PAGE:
This article came from the Chronicle published November 1986. Pages 93-94.
Winter Meetings – 1986
Author: Russ Clynick
7th March “INDUSTRIAL ARCHAEOLOGY OF LAND DRAINAGE IN SOMERSET”
Armed with a wealth of slides, Mr.Ian Miles described the very extensive system of rhines, or channels, cut over the centuries to solve the problems of periodic flooding of the Somerset Levels. The problems of the below sea level area are exacerbated by the confluence of five rivers – the Brue, Parrett, Isle, Tone and Yeo. In mediaeval times, the Abbots of Glastonbury made serious attempts to drain this very low-lying area. However, the Dissolution of the Monasteries in the 16th century led to much of this work being abandoned. Subsequent drainage work included the cutting of King’s Sedgemoor Drain, the Taunton to Bridgwater Canal and the deepening of the River Parrett. Sea walls were built along sections of Bridgwater Bay, to help eliminate periodic inundation. During the 18th and 19th centuries, a system of pumping stations was built along the banks of the rhines and canals. The early engines were eventually replaced by more powerful engines such as that at Weston Zoyland (See also report for 6th July 1986). Mr.Miles’ detailed and expert account was entertaining as well as instructive. He was thanked by Bill Chapman.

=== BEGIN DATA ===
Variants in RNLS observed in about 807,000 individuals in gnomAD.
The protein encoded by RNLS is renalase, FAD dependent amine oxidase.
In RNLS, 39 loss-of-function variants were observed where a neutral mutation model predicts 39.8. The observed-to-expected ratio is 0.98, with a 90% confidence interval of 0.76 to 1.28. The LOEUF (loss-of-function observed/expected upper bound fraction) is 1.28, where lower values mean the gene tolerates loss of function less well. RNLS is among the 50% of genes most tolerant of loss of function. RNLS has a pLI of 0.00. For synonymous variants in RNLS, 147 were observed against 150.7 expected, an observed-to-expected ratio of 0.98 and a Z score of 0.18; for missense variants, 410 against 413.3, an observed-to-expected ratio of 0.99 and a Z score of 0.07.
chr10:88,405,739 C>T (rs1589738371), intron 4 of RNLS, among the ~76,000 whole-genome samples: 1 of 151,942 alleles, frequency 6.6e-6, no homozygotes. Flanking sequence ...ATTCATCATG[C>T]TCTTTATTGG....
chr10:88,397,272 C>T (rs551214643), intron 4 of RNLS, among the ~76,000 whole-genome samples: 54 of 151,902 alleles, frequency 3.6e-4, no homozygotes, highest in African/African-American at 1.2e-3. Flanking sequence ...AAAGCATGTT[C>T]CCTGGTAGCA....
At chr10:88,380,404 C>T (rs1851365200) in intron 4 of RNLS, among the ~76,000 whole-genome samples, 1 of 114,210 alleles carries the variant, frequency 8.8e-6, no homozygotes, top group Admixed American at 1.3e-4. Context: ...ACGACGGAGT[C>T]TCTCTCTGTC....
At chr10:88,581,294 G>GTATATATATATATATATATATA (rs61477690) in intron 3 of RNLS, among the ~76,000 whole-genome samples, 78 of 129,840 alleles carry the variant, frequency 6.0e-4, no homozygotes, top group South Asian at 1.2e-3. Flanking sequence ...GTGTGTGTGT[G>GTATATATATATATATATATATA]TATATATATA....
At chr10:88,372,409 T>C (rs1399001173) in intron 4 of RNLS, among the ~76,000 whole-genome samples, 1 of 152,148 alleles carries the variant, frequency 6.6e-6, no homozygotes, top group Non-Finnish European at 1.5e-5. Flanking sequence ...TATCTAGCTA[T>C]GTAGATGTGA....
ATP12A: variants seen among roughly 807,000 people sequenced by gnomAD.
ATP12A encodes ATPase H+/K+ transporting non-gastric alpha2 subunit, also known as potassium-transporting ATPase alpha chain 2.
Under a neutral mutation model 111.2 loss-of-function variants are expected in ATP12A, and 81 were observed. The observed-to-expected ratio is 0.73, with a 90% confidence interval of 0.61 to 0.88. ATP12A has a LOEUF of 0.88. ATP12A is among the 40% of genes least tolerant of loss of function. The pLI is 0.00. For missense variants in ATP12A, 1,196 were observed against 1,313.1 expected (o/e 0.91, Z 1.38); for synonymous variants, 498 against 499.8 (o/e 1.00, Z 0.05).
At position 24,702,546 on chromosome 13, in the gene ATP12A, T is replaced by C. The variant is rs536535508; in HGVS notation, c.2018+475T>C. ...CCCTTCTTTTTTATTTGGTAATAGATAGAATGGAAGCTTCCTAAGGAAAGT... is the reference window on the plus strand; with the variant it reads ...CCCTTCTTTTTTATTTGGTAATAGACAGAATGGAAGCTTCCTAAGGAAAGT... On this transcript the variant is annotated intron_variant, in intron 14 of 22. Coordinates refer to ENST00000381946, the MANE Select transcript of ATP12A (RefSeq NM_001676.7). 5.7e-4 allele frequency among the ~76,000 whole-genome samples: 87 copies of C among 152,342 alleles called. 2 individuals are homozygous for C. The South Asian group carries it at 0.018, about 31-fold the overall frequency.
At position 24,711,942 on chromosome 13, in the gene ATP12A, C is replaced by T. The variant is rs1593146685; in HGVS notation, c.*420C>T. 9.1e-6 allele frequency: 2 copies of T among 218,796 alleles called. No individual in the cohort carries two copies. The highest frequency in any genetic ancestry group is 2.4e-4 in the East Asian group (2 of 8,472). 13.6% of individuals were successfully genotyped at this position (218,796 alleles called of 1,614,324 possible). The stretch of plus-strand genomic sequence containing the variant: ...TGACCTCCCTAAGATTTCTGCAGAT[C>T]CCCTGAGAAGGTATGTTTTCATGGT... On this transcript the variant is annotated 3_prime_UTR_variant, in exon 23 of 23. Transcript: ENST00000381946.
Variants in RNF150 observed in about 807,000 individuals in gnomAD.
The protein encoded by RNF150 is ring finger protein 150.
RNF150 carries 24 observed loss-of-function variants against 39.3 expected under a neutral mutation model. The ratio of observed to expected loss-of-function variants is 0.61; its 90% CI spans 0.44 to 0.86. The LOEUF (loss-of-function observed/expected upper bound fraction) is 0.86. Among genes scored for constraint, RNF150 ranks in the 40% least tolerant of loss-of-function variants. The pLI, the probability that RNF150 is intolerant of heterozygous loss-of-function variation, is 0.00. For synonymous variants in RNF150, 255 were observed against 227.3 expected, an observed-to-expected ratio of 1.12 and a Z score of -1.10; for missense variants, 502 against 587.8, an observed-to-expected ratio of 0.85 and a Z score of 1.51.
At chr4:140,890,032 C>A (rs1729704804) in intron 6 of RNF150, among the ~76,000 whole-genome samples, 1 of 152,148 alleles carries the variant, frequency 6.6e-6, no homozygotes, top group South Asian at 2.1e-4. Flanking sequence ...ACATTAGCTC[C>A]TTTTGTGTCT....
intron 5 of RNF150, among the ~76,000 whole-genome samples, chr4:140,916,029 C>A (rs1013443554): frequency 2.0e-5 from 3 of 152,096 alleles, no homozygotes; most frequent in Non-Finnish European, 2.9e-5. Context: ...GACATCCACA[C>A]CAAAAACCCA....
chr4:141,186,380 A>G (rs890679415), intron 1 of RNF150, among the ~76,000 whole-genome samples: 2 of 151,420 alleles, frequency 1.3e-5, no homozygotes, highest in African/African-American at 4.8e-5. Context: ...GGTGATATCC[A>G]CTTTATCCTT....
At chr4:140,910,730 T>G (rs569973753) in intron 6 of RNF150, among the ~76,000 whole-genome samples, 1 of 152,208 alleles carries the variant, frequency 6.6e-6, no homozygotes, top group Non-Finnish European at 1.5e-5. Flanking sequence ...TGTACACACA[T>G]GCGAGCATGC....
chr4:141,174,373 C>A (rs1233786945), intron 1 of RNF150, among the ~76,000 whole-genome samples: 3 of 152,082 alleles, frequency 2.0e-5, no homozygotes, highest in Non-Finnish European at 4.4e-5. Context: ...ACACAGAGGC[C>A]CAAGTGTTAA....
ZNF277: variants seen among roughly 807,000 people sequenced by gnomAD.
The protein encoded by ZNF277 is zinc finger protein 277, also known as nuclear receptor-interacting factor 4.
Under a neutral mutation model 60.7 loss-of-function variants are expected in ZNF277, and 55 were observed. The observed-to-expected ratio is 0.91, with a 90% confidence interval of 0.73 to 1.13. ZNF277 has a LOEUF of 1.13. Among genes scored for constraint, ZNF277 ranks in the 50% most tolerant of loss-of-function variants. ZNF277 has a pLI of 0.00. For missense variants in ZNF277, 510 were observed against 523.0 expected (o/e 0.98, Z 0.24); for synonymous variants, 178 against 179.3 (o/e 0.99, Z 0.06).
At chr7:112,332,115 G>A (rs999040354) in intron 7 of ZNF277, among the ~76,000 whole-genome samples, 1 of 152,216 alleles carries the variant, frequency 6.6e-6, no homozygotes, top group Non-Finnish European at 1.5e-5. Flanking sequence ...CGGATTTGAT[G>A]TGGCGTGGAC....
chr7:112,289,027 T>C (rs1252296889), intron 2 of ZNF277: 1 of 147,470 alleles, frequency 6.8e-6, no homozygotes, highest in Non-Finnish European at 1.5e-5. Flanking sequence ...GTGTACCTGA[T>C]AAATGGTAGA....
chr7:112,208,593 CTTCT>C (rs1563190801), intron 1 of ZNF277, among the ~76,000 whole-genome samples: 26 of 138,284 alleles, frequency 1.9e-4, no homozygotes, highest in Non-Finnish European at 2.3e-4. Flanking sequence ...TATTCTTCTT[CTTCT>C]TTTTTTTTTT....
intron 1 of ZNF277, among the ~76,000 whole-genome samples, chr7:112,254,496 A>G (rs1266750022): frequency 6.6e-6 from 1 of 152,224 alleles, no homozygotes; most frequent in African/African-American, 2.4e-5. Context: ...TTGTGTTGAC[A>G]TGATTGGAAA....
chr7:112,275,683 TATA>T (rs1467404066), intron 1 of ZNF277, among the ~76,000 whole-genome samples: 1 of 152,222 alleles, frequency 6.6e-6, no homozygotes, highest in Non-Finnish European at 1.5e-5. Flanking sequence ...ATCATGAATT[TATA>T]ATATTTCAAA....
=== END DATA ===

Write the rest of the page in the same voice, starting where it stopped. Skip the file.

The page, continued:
4th April “HALSTOCK ROMAN VILLA”
The 1986 Edgar Silcox Memorial Lecture was the occasion for Mr.Ron Lucas to give a full report on the Halstock Roman Villa complex. The dig began in 1967 and ended in 1985. It has been visited regularly by the Society and some members have assisted with the excavation. These were thanked by Mr.Lucas. He indicated that a full Report on the work will be ready for publication in about two years time but that it would be a very expensive undertaking and that he would appreciate any financial contribution the membership might make. A large number of slides of successive ground-plans and of the excavations helped to convey the development of this Romano-British settlement and place it in its context. The earliest feature on the site is a neolithic trackway, still in use as the muddy and narrow Long Lane. Evidence would seem to indicate the presence of an Iron Age farm below the Roman complex, the site being in continuous use for 300 to 400 years. A luxurious bath suite with mosaic floors and hypocaust was found in the early stages of the excavation. A range of farm buildings was also discovered with “T” shaped corn driers and an extensive water system, possibly indicative of fish farming. The many finds included nails, jewelry, arrow heads, counters and dice and one complete pot. The talk was received with rapt attention and the speaker was warmly thanked by Brian Gittos.